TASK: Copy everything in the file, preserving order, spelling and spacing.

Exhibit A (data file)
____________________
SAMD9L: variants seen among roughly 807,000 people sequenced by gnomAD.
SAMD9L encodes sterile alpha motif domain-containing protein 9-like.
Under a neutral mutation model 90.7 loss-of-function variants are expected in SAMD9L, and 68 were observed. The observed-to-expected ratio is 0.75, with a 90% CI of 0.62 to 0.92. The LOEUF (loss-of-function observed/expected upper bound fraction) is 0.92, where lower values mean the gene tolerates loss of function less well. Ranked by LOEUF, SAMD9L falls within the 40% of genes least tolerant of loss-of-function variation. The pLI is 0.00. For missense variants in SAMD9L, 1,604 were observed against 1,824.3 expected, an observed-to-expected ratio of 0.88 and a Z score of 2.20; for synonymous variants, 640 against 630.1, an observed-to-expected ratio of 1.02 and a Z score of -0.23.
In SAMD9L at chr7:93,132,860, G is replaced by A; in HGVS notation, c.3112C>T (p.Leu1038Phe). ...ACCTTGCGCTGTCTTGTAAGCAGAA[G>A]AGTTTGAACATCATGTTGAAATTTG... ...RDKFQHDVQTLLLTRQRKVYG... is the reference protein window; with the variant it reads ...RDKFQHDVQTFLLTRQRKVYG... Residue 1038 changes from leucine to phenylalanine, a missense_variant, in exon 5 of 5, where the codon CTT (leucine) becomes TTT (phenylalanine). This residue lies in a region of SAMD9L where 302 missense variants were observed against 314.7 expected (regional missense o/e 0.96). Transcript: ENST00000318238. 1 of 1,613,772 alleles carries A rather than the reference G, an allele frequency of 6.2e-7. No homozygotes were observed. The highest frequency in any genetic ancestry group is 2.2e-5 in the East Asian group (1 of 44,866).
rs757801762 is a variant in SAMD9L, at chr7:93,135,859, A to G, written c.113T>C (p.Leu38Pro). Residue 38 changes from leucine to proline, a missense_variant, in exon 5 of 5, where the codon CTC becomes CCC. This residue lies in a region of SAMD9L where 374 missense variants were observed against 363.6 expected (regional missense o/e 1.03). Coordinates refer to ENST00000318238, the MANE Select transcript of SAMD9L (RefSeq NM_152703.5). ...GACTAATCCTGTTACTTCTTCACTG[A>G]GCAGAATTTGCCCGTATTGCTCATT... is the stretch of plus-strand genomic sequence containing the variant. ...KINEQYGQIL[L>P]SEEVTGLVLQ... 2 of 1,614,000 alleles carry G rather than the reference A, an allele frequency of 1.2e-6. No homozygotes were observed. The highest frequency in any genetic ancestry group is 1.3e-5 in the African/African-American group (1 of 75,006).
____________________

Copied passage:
SAMD9L: variants seen among roughly 807,000 people sequenced by gnomAD.
SAMD9L encodes sterile alpha motif domain-containing protein 9-like.
Under a neutral mutation model 90.7 loss-of-function variants are expected in SAMD9L, and 68 were observed. The observed-to-expected ratio is 0.75, with a 90% CI of 0.62 to 0.92. The LOEUF (loss-of-function observed/expected upper bound fraction) is 0.92, where lower values mean the gene tolerates loss of function less well. Ranked by LOEUF, SAMD9L falls within the 40% of genes least tolerant of loss-of-function variation. The pLI is 0.00. For missense variants in SAMD9L, 1,604 were observed against 1,824.3 expected, an observed-to-expected ratio of 0.88 and a Z score of 2.20; for synonymous variants, 640 against 630.1, an observed-to-expected ratio of 1.02 and a Z score of -0.23.
In SAMD9L at chr7:93,132,860, G is replaced by A; in HGVS notation, c.3112C>T (p.Leu1038Phe). ...ACCTTGCGCTGTCTTGTAAGCAGAA[G>A]AGTTTGAACATCATGTTGAAATTTG... ...RDKFQHDVQTLLLTRQRKVYG... is the reference protein window; with the variant it reads ...RDKFQHDVQTFLLTRQRKVYG... Residue 1038 changes from leucine to phenylalanine, a missense_variant, in exon 5 of 5, where the codon CTT (leucine) becomes TTT (phenylalanine). This residue lies in a region of SAMD9L where 302 missense variants were observed against 314.7 expected (regional missense o/e 0.96). Transcript: ENST00000318238. 1 of 1,613,772 alleles carries A rather than the reference G, an allele frequency of 6.2e-7. No homozygotes were observed. The highest frequency in any genetic ancestry group is 2.2e-5 in the East Asian group (1 of 44,866).
rs757801762 is a variant in SAMD9L, at chr7:93,135,859, A to G, written c.113T>C (p.Leu38Pro). Residue 38 changes from leucine to proline, a missense_variant, in exon 5 of 5, where the codon CTC becomes CCC. This residue lies in a region of SAMD9L where 374 missense variants were observed against 363.6 expected (regional missense o/e 1.03). Coordinates refer to ENST00000318238, the MANE Select transcript of SAMD9L (RefSeq NM_152703.5). ...GACTAATCCTGTTACTTCTTCACTG[A>G]GCAGAATTTGCCCGTATTGCTCATT... is the stretch of plus-strand genomic sequence containing the variant. ...KINEQYGQIL[L>P]SEEVTGLVLQ... 2 of 1,614,000 alleles carry G rather than the reference A, an allele frequency of 1.2e-6. No homozygotes were observed. The highest frequency in any genetic ancestry group is 1.3e-5 in the African/African-American group (1 of 75,006).